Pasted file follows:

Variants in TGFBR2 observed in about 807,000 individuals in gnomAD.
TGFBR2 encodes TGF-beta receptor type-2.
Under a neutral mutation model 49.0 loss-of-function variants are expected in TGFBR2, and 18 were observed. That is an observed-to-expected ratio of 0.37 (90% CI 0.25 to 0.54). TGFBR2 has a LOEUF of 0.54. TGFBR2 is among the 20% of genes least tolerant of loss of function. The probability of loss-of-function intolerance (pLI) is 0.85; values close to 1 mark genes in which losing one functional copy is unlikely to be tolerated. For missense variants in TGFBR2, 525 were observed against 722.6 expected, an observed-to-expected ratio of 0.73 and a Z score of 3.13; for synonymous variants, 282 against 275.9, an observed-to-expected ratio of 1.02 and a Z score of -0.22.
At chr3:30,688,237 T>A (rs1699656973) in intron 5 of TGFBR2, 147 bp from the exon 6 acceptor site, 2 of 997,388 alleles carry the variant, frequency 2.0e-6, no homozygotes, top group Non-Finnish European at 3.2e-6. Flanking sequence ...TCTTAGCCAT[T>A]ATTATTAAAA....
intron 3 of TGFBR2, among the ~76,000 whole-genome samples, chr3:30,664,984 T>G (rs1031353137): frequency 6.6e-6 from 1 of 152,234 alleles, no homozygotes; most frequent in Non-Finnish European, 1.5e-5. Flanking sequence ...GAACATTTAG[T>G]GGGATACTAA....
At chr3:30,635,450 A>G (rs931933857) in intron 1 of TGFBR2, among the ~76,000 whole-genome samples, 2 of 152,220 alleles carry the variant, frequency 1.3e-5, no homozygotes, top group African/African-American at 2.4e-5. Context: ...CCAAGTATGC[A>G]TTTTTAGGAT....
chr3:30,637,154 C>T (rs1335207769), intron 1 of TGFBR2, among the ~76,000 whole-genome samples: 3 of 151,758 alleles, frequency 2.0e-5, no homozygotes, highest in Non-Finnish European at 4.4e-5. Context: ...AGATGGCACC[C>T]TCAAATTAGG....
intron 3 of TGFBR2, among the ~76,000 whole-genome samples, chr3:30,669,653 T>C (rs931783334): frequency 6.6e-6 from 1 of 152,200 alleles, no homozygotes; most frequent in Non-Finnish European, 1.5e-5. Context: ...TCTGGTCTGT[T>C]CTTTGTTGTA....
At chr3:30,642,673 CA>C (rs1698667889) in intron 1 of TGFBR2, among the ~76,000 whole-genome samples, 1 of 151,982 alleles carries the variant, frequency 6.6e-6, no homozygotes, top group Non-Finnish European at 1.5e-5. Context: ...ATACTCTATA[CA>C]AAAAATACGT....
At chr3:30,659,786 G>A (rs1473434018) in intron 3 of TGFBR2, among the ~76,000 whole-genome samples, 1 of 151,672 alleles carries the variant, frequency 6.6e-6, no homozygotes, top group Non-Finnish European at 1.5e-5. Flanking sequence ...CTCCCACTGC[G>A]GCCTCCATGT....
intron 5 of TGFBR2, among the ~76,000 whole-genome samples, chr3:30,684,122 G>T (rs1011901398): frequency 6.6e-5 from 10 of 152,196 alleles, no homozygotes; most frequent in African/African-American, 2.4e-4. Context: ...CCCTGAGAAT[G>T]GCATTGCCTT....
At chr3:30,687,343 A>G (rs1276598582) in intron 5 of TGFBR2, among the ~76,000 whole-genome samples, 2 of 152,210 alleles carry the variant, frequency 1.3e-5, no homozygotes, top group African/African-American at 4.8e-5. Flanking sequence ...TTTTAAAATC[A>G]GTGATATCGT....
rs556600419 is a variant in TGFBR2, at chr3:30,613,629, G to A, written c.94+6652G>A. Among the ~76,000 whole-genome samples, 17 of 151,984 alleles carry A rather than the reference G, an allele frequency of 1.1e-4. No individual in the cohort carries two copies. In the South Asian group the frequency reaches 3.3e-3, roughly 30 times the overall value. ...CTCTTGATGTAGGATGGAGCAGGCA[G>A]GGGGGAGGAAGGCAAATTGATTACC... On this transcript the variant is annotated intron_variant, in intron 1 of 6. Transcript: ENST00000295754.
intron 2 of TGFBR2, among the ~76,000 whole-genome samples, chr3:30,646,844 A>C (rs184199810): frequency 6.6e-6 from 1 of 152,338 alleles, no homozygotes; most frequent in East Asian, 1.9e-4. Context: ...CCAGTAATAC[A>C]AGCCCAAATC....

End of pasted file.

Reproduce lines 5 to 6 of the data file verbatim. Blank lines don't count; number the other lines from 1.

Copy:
intron 3 of TGFBR2, among the ~76,000 whole-genome samples, chr3:30,664,984 T>G (rs1031353137): frequency 6.6e-6 from 1 of 152,234 alleles, no homozygotes; most frequent in Non-Finnish European, 1.5e-5. Flanking sequence ...GAACATTTAG[T>G]GGGATACTAA....
At chr3:30,635,450 A>G (rs931933857) in intron 1 of TGFBR2, among the ~76,000 whole-genome samples, 2 of 152,220 alleles carry the variant, frequency 1.3e-5, no homozygotes, top group African/African-American at 2.4e-5. Context: ...CCAAGTATGC[A>G]TTTTTAGGAT....